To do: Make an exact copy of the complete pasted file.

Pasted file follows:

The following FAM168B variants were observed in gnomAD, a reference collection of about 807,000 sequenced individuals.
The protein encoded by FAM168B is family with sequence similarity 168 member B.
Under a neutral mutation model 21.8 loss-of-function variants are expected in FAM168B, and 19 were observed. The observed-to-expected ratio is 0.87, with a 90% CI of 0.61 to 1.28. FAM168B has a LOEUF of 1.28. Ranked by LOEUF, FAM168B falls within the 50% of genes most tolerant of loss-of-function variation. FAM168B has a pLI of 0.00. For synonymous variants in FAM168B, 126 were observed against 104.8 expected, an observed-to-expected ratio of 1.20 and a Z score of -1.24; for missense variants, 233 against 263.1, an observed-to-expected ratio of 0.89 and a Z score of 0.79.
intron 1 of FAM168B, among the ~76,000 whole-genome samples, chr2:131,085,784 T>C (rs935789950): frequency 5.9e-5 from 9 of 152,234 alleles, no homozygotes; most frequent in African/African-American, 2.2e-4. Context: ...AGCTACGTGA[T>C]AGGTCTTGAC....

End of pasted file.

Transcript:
The following FAM168B variants were observed in gnomAD, a reference collection of about 807,000 sequenced individuals.
The protein encoded by FAM168B is family with sequence similarity 168 member B.
Under a neutral mutation model 21.8 loss-of-function variants are expected in FAM168B, and 19 were observed. The observed-to-expected ratio is 0.87, with a 90% CI of 0.61 to 1.28. FAM168B has a LOEUF of 1.28. Ranked by LOEUF, FAM168B falls within the 50% of genes most tolerant of loss-of-function variation. FAM168B has a pLI of 0.00. For synonymous variants in FAM168B, 126 were observed against 104.8 expected, an observed-to-expected ratio of 1.20 and a Z score of -1.24; for missense variants, 233 against 263.1, an observed-to-expected ratio of 0.89 and a Z score of 0.79.
intron 1 of FAM168B, among the ~76,000 whole-genome samples, chr2:131,085,784 T>C (rs935789950): frequency 5.9e-5 from 9 of 152,234 alleles, no homozygotes; most frequent in African/African-American, 2.2e-4. Context: ...AGCTACGTGA[T>C]AGGTCTTGAC....